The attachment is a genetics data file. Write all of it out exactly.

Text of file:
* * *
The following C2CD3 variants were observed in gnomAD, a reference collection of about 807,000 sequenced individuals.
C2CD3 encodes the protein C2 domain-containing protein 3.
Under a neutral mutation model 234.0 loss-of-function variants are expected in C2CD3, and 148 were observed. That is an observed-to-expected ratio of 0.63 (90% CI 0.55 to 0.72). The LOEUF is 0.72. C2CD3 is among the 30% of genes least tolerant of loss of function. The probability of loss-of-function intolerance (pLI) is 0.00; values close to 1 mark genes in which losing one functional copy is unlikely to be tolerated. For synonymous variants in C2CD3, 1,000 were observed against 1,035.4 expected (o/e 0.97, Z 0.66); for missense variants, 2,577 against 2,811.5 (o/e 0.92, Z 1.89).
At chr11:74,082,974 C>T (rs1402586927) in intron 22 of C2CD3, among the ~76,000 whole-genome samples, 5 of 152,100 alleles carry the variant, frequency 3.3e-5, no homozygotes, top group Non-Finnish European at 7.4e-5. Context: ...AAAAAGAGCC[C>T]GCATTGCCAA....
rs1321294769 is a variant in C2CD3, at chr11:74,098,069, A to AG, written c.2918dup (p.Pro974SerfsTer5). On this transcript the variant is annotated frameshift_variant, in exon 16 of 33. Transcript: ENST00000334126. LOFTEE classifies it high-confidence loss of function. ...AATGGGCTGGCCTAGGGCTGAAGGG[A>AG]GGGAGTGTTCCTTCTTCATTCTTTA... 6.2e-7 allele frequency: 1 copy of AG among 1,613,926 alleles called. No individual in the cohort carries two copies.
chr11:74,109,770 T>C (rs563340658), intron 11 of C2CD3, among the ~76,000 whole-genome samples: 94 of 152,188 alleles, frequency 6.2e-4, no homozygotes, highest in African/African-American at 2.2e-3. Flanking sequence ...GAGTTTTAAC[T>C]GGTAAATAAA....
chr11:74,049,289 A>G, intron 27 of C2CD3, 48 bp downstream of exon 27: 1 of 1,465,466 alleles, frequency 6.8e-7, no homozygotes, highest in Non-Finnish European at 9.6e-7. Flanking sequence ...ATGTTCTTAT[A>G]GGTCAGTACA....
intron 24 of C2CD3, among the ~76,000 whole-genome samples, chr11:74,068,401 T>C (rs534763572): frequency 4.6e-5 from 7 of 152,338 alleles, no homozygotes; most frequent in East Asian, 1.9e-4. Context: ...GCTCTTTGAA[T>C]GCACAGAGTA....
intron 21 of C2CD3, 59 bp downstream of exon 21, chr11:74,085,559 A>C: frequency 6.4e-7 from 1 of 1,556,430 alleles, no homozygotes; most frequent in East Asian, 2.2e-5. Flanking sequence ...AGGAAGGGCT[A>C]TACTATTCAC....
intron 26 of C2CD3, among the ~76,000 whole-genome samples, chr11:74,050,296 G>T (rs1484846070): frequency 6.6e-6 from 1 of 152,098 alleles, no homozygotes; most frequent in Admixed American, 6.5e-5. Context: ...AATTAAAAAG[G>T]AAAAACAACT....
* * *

The following C2CD3 variants were observed in gnomAD, a reference collection of about 807,000 sequenced individuals.
C2CD3 encodes the protein C2 domain-containing protein 3.
Under a neutral mutation model 234.0 loss-of-function variants are expected in C2CD3, and 148 were observed. That is an observed-to-expected ratio of 0.63 (90% CI 0.55 to 0.72). The LOEUF is 0.72. C2CD3 is among the 30% of genes least tolerant of loss of function. The probability of loss-of-function intolerance (pLI) is 0.00; values close to 1 mark genes in which losing one functional copy is unlikely to be tolerated. For synonymous variants in C2CD3, 1,000 were observed against 1,035.4 expected (o/e 0.97, Z 0.66); for missense variants, 2,577 against 2,811.5 (o/e 0.92, Z 1.89).
At chr11:74,082,974 C>T (rs1402586927) in intron 22 of C2CD3, among the ~76,000 whole-genome samples, 5 of 152,100 alleles carry the variant, frequency 3.3e-5, no homozygotes, top group Non-Finnish European at 7.4e-5. Context: ...AAAAAGAGCC[C>T]GCATTGCCAA....
rs1321294769 is a variant in C2CD3, at chr11:74,098,069, A to AG, written c.2918dup (p.Pro974SerfsTer5). On this transcript the variant is annotated frameshift_variant, in exon 16 of 33. Transcript: ENST00000334126. LOFTEE classifies it high-confidence loss of function. ...AATGGGCTGGCCTAGGGCTGAAGGG[A>AG]GGGAGTGTTCCTTCTTCATTCTTTA... 6.2e-7 allele frequency: 1 copy of AG among 1,613,926 alleles called. No individual in the cohort carries two copies.
chr11:74,109,770 T>C (rs563340658), intron 11 of C2CD3, among the ~76,000 whole-genome samples: 94 of 152,188 alleles, frequency 6.2e-4, no homozygotes, highest in African/African-American at 2.2e-3. Flanking sequence ...GAGTTTTAAC[T>C]GGTAAATAAA....
chr11:74,049,289 A>G, intron 27 of C2CD3, 48 bp downstream of exon 27: 1 of 1,465,466 alleles, frequency 6.8e-7, no homozygotes, highest in Non-Finnish European at 9.6e-7. Flanking sequence ...ATGTTCTTAT[A>G]GGTCAGTACA....
intron 24 of C2CD3, among the ~76,000 whole-genome samples, chr11:74,068,401 T>C (rs534763572): frequency 4.6e-5 from 7 of 152,338 alleles, no homozygotes; most frequent in East Asian, 1.9e-4. Context: ...GCTCTTTGAA[T>C]GCACAGAGTA....
intron 21 of C2CD3, 59 bp downstream of exon 21, chr11:74,085,559 A>C: frequency 6.4e-7 from 1 of 1,556,430 alleles, no homozygotes; most frequent in East Asian, 2.2e-5. Flanking sequence ...AGGAAGGGCT[A>C]TACTATTCAC....
intron 26 of C2CD3, among the ~76,000 whole-genome samples, chr11:74,050,296 G>T (rs1484846070): frequency 6.6e-6 from 1 of 152,098 alleles, no homozygotes; most frequent in Admixed American, 6.5e-5. Context: ...AATTAAAAAG[G>T]AAAAACAACT....